Former House speaker Kevin McCarthy announces he’s leaving Congress

WASHINGTON — Rep. Kevin McCarthy, who this fall became the first speaker to be ousted from power in the middle of a congressional term, said Wednesday he will resign from office at the end of this month.

His exit is a blow to his successor, Speaker Mike Johnson, and House Republicans, further cutting the already narrow GOP majority and making passing legislation in 2024 even more challenging.

“No matter the odds, or personal cost, we did the right thing. That may seem out of fashion in Washington these days, but delivering results for the American people is still celebrated across the country,” McCarthy, R-Calif., wrote in an op-ed in The Wall Street Journal.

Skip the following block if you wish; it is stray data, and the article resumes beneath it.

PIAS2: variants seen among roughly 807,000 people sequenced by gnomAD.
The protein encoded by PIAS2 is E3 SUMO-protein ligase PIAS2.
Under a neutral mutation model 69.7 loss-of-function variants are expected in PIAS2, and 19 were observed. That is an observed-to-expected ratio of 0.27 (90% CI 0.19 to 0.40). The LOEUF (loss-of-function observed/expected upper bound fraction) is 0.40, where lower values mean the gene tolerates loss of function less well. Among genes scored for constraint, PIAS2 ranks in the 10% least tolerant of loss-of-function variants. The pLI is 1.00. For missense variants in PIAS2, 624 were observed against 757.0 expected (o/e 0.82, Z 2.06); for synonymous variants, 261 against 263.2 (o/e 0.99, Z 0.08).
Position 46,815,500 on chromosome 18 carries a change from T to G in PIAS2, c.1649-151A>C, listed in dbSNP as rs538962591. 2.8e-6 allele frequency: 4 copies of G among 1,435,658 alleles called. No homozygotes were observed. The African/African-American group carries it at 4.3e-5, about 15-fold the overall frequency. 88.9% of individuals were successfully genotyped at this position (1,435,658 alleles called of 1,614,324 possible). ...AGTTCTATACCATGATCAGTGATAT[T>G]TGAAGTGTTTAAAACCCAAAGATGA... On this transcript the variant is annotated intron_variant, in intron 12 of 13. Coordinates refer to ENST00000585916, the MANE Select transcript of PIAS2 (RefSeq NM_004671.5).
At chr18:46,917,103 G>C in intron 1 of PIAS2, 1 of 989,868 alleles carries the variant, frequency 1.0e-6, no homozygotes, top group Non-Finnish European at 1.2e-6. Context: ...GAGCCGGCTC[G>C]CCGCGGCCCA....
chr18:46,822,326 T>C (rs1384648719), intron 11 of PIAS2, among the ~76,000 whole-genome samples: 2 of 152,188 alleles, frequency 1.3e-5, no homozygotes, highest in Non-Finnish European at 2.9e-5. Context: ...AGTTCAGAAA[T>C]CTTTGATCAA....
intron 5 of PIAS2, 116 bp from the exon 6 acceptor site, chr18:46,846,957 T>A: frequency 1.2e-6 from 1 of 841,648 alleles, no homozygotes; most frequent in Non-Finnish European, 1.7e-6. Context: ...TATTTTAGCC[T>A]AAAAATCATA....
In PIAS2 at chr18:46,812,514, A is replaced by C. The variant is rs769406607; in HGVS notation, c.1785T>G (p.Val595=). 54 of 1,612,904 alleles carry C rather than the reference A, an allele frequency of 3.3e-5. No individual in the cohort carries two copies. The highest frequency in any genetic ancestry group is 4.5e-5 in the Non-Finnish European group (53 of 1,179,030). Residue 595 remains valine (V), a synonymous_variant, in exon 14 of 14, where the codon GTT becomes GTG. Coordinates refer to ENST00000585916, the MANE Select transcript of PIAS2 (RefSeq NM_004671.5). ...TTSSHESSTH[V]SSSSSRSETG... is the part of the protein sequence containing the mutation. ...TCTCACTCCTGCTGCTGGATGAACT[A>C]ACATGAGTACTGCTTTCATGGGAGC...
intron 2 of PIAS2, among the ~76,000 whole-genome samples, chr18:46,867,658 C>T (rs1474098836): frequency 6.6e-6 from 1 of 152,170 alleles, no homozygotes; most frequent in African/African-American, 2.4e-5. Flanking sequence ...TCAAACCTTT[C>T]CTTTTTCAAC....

“It is in this spirit that I have decided to depart the House at the end of this year to serve America in new ways. I know my work is only getting started,” he said.

Former Speaker of the House Kevin McCarthy on October 24, 2023 in Washington, DC.
Former House Speaker Kevin McCarthy in Washington on Oct. 24.Win McNamee / Getty Images, file

“I will continue to recruit our country’s best and brightest to run for elected office,” McCarthy added. “The Republican Party is expanding every day, and I am committed to lending my experience to support the next generation of leaders.”

McCarthy’s timeline means he would depart before the Feb. 13 special election to replace expelled Rep. George Santos, R-N.Y., further cutting the Republican majority to 220 members to 213 Democrats. That means House Republicans could lose just three votes before they require Democratic support to pass measures.

McCarthy paired his retirement announcement with a video on X.

“Today I sit here having served as your whip, leader and as the 55th speaker of the House,” he says in the video, citing a list of achievements he’s proud of. “We kept our government operating and our troops paid while wars broke out around the world. … I have faith in this country.”

“Now, it is time to pursue my passion in a new arena,” McCarthy says, without going into detail about his next move.